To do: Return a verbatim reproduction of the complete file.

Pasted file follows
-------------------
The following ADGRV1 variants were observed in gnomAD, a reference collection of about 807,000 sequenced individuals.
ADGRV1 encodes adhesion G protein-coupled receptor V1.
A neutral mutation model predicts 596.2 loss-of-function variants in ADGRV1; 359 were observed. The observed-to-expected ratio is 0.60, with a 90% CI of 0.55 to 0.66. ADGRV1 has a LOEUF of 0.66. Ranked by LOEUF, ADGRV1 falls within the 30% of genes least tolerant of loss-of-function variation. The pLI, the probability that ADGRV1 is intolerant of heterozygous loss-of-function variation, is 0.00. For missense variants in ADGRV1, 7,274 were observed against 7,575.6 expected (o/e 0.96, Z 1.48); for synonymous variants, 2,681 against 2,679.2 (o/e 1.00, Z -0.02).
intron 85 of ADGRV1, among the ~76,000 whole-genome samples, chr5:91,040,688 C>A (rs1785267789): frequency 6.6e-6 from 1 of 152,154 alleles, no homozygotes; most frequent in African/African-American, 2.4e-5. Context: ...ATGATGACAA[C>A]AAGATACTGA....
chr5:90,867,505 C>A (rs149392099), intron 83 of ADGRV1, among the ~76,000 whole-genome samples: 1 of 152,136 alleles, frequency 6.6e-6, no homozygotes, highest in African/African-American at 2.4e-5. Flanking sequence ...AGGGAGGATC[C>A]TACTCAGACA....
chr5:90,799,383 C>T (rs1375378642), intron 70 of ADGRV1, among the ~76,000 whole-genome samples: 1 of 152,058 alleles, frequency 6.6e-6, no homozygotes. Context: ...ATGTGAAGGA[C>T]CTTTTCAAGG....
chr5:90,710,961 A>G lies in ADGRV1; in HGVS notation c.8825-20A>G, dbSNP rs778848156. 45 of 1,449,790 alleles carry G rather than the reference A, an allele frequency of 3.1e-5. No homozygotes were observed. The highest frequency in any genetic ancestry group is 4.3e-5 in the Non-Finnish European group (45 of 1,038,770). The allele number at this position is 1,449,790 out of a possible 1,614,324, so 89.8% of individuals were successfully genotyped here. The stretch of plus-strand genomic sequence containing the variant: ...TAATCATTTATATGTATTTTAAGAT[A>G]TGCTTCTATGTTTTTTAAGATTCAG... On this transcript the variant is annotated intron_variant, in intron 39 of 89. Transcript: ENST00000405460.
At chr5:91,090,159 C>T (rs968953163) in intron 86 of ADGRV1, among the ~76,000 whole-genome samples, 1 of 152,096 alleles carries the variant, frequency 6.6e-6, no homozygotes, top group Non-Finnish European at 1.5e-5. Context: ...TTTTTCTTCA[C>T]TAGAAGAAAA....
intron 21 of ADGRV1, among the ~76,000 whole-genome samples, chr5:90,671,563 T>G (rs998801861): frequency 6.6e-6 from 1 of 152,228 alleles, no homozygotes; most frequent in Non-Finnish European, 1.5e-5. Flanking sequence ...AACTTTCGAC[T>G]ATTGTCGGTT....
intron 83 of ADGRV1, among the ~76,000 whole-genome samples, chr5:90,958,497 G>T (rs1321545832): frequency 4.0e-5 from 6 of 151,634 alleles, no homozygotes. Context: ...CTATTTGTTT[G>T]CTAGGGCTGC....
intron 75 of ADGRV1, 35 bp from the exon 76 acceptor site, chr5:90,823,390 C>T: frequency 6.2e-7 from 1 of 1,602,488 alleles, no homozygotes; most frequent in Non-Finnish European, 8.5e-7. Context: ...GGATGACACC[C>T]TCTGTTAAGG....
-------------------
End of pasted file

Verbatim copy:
The following ADGRV1 variants were observed in gnomAD, a reference collection of about 807,000 sequenced individuals.
ADGRV1 encodes adhesion G protein-coupled receptor V1.
A neutral mutation model predicts 596.2 loss-of-function variants in ADGRV1; 359 were observed. The observed-to-expected ratio is 0.60, with a 90% CI of 0.55 to 0.66. ADGRV1 has a LOEUF of 0.66. Ranked by LOEUF, ADGRV1 falls within the 30% of genes least tolerant of loss-of-function variation. The pLI, the probability that ADGRV1 is intolerant of heterozygous loss-of-function variation, is 0.00. For missense variants in ADGRV1, 7,274 were observed against 7,575.6 expected (o/e 0.96, Z 1.48); for synonymous variants, 2,681 against 2,679.2 (o/e 1.00, Z -0.02).
intron 85 of ADGRV1, among the ~76,000 whole-genome samples, chr5:91,040,688 C>A (rs1785267789): frequency 6.6e-6 from 1 of 152,154 alleles, no homozygotes; most frequent in African/African-American, 2.4e-5. Context: ...ATGATGACAA[C>A]AAGATACTGA....
chr5:90,867,505 C>A (rs149392099), intron 83 of ADGRV1, among the ~76,000 whole-genome samples: 1 of 152,136 alleles, frequency 6.6e-6, no homozygotes, highest in African/African-American at 2.4e-5. Flanking sequence ...AGGGAGGATC[C>A]TACTCAGACA....
chr5:90,799,383 C>T (rs1375378642), intron 70 of ADGRV1, among the ~76,000 whole-genome samples: 1 of 152,058 alleles, frequency 6.6e-6, no homozygotes. Context: ...ATGTGAAGGA[C>T]CTTTTCAAGG....
chr5:90,710,961 A>G lies in ADGRV1; in HGVS notation c.8825-20A>G, dbSNP rs778848156. 45 of 1,449,790 alleles carry G rather than the reference A, an allele frequency of 3.1e-5. No homozygotes were observed. The highest frequency in any genetic ancestry group is 4.3e-5 in the Non-Finnish European group (45 of 1,038,770). The allele number at this position is 1,449,790 out of a possible 1,614,324, so 89.8% of individuals were successfully genotyped here. The stretch of plus-strand genomic sequence containing the variant: ...TAATCATTTATATGTATTTTAAGAT[A>G]TGCTTCTATGTTTTTTAAGATTCAG... On this transcript the variant is annotated intron_variant, in intron 39 of 89. Transcript: ENST00000405460.
At chr5:91,090,159 C>T (rs968953163) in intron 86 of ADGRV1, among the ~76,000 whole-genome samples, 1 of 152,096 alleles carries the variant, frequency 6.6e-6, no homozygotes, top group Non-Finnish European at 1.5e-5. Context: ...TTTTTCTTCA[C>T]TAGAAGAAAA....
intron 21 of ADGRV1, among the ~76,000 whole-genome samples, chr5:90,671,563 T>G (rs998801861): frequency 6.6e-6 from 1 of 152,228 alleles, no homozygotes; most frequent in Non-Finnish European, 1.5e-5. Flanking sequence ...AACTTTCGAC[T>G]ATTGTCGGTT....
intron 83 of ADGRV1, among the ~76,000 whole-genome samples, chr5:90,958,497 G>T (rs1321545832): frequency 4.0e-5 from 6 of 151,634 alleles, no homozygotes. Context: ...CTATTTGTTT[G>T]CTAGGGCTGC....
intron 75 of ADGRV1, 35 bp from the exon 76 acceptor site, chr5:90,823,390 C>T: frequency 6.2e-7 from 1 of 1,602,488 alleles, no homozygotes; most frequent in Non-Finnish European, 8.5e-7. Context: ...GGATGACACC[C>T]TCTGTTAAGG....